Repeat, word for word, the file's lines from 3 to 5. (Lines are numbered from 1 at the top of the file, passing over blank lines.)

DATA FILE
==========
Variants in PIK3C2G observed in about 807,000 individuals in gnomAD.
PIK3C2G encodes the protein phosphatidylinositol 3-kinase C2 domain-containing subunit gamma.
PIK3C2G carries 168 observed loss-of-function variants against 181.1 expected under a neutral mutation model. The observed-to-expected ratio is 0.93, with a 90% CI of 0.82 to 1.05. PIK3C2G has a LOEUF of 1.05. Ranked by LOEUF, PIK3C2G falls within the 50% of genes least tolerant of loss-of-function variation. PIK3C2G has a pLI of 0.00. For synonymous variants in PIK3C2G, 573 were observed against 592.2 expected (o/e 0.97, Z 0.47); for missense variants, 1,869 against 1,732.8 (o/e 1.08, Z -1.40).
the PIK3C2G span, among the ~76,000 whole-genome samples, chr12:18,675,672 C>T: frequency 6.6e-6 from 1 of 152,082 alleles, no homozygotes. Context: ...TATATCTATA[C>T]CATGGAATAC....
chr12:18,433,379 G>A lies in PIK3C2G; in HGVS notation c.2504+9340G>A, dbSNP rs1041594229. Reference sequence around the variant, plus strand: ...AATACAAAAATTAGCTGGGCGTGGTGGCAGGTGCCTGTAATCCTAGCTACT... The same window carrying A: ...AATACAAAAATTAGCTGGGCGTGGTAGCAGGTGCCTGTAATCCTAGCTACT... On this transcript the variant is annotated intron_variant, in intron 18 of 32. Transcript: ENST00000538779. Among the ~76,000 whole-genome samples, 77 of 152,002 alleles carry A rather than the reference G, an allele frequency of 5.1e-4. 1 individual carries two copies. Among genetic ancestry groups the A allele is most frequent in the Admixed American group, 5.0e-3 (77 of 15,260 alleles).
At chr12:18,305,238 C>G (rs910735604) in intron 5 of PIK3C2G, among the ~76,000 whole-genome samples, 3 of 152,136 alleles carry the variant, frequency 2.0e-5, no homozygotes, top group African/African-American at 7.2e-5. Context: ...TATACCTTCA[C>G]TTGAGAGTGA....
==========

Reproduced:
PIK3C2G carries 168 observed loss-of-function variants against 181.1 expected under a neutral mutation model. The observed-to-expected ratio is 0.93, with a 90% CI of 0.82 to 1.05. PIK3C2G has a LOEUF of 1.05. Ranked by LOEUF, PIK3C2G falls within the 50% of genes least tolerant of loss-of-function variation. PIK3C2G has a pLI of 0.00. For synonymous variants in PIK3C2G, 573 were observed against 592.2 expected (o/e 0.97, Z 0.47); for missense variants, 1,869 against 1,732.8 (o/e 1.08, Z -1.40).
the PIK3C2G span, among the ~76,000 whole-genome samples, chr12:18,675,672 C>T: frequency 6.6e-6 from 1 of 152,082 alleles, no homozygotes. Context: ...TATATCTATA[C>T]CATGGAATAC....
chr12:18,433,379 G>A lies in PIK3C2G; in HGVS notation c.2504+9340G>A, dbSNP rs1041594229. Reference sequence around the variant, plus strand: ...AATACAAAAATTAGCTGGGCGTGGTGGCAGGTGCCTGTAATCCTAGCTACT... The same window carrying A: ...AATACAAAAATTAGCTGGGCGTGGTAGCAGGTGCCTGTAATCCTAGCTACT... On this transcript the variant is annotated intron_variant, in intron 18 of 32. Transcript: ENST00000538779. Among the ~76,000 whole-genome samples, 77 of 152,002 alleles carry A rather than the reference G, an allele frequency of 5.1e-4. 1 individual carries two copies. Among genetic ancestry groups the A allele is most frequent in the Admixed American group, 5.0e-3 (77 of 15,260 alleles).